A US government intelligence agency-developed approach for secure collaboration in sensitive government environments could soon be used by the commercial world as well. The so-called Multilevel Security (MLS) ecosystem, the basis of which has been in use for several years by Lockheed Martin in the Centralized Super Computer Facility, was recently demonstrated by members of a consortium that includes Lockheed and big-name vendors such as Seagate, CGI, Cray, and Splunk.
MLS basically provides programmatic access to various sensitive systems from multiple levels of user access, according to the developers. It lets an organization run all user and system security levels across multiple departments -- and far-flung sites -- simultaneously, rather than isolating them. Data can be segregated at different security and classification levels, and access is enforced automatically. RedHat Linux, for instance, offers multi-level secure operating systems for the MLS environment, and Seagate's MLS-based file storage can encrypt and label sensitive data at-rest and in-transit.
Among the key secure elements: role-based access control; data tagged with its security level and access control; encrypted data at-rest and in-transit; and forensics for intrusion detection and correlation of security events.
MLS members say it's a breakthrough for controlling the insider threat. If a user were to plug a USB drive into one of the systems in the environment, an automatic audit would catch unauthorized activity. So former NSA contractor and infamous insider threat Edward Snowden theoretically would have been caught in his tracks siphoning files, according to MLS members.
"It can identify someone doing something they're not supposed to do. So if somebody enables a USB port on this computer, you can wander over and see if he had the okay to do it," says Joseph Swartz, software engineer at Lockheed Martin. "It would make a Snowden [insider threat situation] much harder" to transpire, he says.
Snowden had super-user privileges on the network, notes Michael Hoard, a product marketing staff member of Seagate's cloud systems and electronics group. "So when people were sending emails, and store and forward between servers and network nodes, he had super-user [credentials] so he could simply collect any file he wanted and put it on a thumb drive," Hoard says.
Hoard explains the difference between MLS and traditional policy-based computing in high-security networks like this: "This is a programmatic, role-based method, not just 'need to know'" as historically has been the approach, he says. "We have separate policies and roles-based access into user-defined roles in the system, and it programmatically enforces them."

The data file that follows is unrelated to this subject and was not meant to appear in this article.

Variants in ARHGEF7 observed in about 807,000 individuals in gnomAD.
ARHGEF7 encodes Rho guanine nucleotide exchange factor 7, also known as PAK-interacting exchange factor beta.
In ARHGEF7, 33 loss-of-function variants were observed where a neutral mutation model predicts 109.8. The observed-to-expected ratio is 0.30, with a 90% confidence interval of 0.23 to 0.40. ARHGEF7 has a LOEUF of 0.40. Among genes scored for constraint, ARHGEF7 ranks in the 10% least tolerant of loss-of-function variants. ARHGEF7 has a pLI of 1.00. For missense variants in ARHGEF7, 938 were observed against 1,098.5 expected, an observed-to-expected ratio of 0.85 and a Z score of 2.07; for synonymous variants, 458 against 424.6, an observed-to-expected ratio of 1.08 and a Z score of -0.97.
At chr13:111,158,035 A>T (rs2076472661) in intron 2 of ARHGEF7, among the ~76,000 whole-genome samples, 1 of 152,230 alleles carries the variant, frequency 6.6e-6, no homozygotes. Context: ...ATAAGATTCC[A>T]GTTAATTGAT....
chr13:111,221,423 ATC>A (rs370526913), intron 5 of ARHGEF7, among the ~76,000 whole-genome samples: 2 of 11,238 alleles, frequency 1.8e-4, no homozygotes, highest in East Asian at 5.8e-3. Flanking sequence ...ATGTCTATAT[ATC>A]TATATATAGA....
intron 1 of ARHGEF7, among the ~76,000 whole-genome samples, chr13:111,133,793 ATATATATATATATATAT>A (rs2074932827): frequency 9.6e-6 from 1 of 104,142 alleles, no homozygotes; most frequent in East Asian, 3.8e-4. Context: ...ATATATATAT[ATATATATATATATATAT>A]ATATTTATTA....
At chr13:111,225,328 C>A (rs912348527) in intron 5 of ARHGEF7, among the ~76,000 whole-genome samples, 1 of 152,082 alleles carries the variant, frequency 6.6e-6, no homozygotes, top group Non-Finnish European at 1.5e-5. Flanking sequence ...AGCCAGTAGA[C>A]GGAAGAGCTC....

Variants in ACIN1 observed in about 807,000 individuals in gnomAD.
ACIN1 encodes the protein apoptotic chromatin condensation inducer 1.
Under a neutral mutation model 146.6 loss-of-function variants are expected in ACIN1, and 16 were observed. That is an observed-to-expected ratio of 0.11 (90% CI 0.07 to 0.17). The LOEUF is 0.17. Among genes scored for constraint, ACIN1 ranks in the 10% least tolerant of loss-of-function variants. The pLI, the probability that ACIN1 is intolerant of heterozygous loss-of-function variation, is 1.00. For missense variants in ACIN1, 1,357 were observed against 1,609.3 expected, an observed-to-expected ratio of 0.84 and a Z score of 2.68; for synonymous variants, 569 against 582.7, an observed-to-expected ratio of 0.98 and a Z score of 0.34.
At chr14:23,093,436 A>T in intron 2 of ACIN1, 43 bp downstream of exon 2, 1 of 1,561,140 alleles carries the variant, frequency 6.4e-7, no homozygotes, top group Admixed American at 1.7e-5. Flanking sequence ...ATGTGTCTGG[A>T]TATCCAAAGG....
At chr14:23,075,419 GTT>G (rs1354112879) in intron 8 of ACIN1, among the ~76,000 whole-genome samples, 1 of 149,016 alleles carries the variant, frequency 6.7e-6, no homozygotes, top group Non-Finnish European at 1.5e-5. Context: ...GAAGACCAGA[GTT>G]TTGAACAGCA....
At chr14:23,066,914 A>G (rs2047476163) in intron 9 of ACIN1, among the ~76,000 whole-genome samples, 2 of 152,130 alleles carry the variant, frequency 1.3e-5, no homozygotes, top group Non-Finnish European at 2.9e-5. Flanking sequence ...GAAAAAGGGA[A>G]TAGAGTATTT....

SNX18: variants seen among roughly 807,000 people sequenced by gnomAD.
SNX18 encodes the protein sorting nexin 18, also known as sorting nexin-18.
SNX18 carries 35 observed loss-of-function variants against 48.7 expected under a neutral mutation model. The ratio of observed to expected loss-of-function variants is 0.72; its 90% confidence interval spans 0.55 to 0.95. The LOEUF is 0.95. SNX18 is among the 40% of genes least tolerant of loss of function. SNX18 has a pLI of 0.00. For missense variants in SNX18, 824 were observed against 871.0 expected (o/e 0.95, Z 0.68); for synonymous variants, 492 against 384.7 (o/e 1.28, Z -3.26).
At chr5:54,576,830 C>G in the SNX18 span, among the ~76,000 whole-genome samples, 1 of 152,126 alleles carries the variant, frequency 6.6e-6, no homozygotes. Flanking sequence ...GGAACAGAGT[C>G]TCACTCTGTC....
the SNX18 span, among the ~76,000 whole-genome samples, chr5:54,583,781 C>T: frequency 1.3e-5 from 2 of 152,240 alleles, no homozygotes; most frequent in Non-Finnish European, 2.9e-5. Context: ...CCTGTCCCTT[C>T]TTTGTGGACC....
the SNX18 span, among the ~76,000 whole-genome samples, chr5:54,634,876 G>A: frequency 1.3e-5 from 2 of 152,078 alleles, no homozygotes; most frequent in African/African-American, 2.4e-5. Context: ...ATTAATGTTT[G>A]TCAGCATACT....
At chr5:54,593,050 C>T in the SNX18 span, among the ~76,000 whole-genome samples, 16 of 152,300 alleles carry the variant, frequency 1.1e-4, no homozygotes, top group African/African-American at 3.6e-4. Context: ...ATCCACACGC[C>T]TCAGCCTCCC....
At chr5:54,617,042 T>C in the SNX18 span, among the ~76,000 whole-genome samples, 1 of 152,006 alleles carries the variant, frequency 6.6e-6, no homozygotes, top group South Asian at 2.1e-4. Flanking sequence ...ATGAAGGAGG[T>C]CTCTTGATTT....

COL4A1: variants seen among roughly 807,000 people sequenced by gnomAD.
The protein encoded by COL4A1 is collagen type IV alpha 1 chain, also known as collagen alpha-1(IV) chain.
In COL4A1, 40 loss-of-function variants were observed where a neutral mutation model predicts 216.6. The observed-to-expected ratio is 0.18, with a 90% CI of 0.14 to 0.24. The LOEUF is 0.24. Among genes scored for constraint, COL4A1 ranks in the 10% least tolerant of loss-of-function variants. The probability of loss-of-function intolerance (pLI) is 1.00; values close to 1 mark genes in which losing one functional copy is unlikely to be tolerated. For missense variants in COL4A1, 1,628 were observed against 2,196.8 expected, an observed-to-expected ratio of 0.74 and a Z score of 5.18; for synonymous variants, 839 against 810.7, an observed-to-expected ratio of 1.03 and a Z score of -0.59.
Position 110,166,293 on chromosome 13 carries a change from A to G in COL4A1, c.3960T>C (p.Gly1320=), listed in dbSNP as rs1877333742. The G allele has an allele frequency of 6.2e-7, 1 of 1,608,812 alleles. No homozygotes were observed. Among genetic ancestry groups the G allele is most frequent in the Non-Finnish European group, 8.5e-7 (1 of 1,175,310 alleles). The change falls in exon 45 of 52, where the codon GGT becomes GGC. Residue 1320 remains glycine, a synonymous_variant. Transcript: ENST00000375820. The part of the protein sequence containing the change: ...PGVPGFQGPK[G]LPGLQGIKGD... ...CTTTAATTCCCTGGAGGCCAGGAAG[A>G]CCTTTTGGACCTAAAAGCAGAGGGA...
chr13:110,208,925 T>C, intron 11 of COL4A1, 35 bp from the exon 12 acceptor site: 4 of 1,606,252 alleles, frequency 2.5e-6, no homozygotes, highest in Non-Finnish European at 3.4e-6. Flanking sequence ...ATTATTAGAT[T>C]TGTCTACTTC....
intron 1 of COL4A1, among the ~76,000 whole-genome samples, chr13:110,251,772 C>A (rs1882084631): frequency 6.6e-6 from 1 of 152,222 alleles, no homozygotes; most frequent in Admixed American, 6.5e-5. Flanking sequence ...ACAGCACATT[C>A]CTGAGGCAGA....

For the commercial world, MLS could help eliminate future Snowdens, he says. "It would apply to government and also to commercial applications that involve intellectual property, financial trading concerns, and healthcare," for example.
So where do data governance and identity and access management technologies fit into MLS? "Those are an orchestration piece at a very high level … of who's doing what and what needs data at what time, and how data flows through workflow. Below that is the MLS set of technologies. It's not just the network part, but the compute part, and also storage," Hoard says.
MLS is a departure from the mindset of securing at each device. "What happened with Snowden was really an outcome of the thought that you could secure each individual device," says Larry Jones, director of product management for Seagate. "It's a step up in security" that allows you to connect two disparate networks and maintain the security between them, he notes.
Initially, MLS is being touted for government agencies to allow multi-agency collaboration worldwide, for example. But it's also a blueprint for highly sensitive commercial environments, such as financial services and retail.
Hoard says the feds have adopted this approach for "multi-agency collaboration" among distributed teams so data goes to the appropriate and authorized users only. Lockheed Martin now has built a "system of systems" with MLS, he says.
So far, vendors with MLS-based products include Lockheed Martin, Seagate, SGI, Cray, Bay Microsystems, Mellanox, Altair, Crunchy, Vion, and Splunk.